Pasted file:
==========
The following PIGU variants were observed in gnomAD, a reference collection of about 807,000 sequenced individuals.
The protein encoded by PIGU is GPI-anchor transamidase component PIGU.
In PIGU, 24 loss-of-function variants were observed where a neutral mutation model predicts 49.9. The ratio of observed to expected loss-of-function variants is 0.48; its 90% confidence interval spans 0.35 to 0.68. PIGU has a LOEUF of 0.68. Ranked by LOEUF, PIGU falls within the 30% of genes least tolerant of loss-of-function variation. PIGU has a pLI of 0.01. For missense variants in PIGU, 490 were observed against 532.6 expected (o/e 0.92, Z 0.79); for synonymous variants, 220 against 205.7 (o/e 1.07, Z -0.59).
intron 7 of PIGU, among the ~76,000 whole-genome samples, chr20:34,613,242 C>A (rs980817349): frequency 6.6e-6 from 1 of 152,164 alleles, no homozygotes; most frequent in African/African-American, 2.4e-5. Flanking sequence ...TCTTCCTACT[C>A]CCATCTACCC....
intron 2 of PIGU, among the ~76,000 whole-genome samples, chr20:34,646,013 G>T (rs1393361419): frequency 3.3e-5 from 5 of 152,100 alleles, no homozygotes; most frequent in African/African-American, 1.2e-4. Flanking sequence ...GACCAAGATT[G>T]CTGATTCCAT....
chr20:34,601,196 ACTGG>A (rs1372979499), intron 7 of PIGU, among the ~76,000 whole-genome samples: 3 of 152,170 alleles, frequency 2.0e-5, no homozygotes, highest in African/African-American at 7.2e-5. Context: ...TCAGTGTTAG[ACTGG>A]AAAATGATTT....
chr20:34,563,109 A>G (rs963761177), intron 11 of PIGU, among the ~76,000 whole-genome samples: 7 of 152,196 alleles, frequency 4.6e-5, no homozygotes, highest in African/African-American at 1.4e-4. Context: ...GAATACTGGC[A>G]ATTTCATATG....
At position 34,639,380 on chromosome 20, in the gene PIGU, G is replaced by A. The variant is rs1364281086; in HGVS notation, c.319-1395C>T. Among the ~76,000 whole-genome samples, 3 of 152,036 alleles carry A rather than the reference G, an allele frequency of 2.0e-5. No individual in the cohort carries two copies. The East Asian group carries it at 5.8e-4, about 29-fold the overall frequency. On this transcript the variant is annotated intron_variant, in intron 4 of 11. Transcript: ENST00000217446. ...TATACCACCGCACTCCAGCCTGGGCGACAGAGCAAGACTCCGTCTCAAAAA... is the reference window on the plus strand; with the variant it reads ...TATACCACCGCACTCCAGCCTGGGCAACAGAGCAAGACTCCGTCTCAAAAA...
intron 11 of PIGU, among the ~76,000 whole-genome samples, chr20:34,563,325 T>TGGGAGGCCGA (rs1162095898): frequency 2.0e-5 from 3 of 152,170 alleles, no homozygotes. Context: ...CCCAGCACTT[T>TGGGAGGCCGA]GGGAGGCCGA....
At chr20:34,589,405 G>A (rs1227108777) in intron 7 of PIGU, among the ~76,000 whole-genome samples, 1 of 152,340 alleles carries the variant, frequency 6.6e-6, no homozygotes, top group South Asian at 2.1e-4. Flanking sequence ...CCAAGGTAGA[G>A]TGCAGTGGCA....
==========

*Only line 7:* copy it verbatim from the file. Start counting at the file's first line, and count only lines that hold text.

chr20:34,563,109 A>G (rs963761177), intron 11 of PIGU, among the ~76,000 whole-genome samples: 7 of 152,196 alleles, frequency 4.6e-5, no homozygotes, highest in African/African-American at 1.4e-4. Context: ...GAATACTGGC[A>G]ATTTCATATG....